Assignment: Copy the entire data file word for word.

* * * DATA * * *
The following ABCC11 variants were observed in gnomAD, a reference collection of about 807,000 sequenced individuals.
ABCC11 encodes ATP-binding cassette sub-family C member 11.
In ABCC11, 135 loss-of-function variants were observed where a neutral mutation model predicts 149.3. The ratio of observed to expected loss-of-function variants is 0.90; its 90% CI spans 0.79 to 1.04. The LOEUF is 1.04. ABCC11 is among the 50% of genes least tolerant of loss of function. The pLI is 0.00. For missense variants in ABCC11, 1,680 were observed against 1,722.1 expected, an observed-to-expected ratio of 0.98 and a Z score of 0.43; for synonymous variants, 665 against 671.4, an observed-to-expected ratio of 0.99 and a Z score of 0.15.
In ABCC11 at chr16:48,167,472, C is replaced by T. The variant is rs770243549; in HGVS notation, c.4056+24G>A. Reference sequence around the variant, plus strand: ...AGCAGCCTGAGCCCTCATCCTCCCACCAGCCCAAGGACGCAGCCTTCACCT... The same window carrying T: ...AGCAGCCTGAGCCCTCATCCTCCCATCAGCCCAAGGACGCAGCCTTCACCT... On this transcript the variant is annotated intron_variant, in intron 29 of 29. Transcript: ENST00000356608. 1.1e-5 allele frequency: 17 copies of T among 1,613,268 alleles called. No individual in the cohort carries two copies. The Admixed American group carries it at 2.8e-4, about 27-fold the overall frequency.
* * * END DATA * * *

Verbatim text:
The following ABCC11 variants were observed in gnomAD, a reference collection of about 807,000 sequenced individuals.
ABCC11 encodes ATP-binding cassette sub-family C member 11.
In ABCC11, 135 loss-of-function variants were observed where a neutral mutation model predicts 149.3. The ratio of observed to expected loss-of-function variants is 0.90; its 90% CI spans 0.79 to 1.04. The LOEUF is 1.04. ABCC11 is among the 50% of genes least tolerant of loss of function. The pLI is 0.00. For missense variants in ABCC11, 1,680 were observed against 1,722.1 expected, an observed-to-expected ratio of 0.98 and a Z score of 0.43; for synonymous variants, 665 against 671.4, an observed-to-expected ratio of 0.99 and a Z score of 0.15.
In ABCC11 at chr16:48,167,472, C is replaced by T. The variant is rs770243549; in HGVS notation, c.4056+24G>A. Reference sequence around the variant, plus strand: ...AGCAGCCTGAGCCCTCATCCTCCCACCAGCCCAAGGACGCAGCCTTCACCT... The same window carrying T: ...AGCAGCCTGAGCCCTCATCCTCCCATCAGCCCAAGGACGCAGCCTTCACCT... On this transcript the variant is annotated intron_variant, in intron 29 of 29. Transcript: ENST00000356608. 1.1e-5 allele frequency: 17 copies of T among 1,613,268 alleles called. No individual in the cohort carries two copies. The Admixed American group carries it at 2.8e-4, about 27-fold the overall frequency.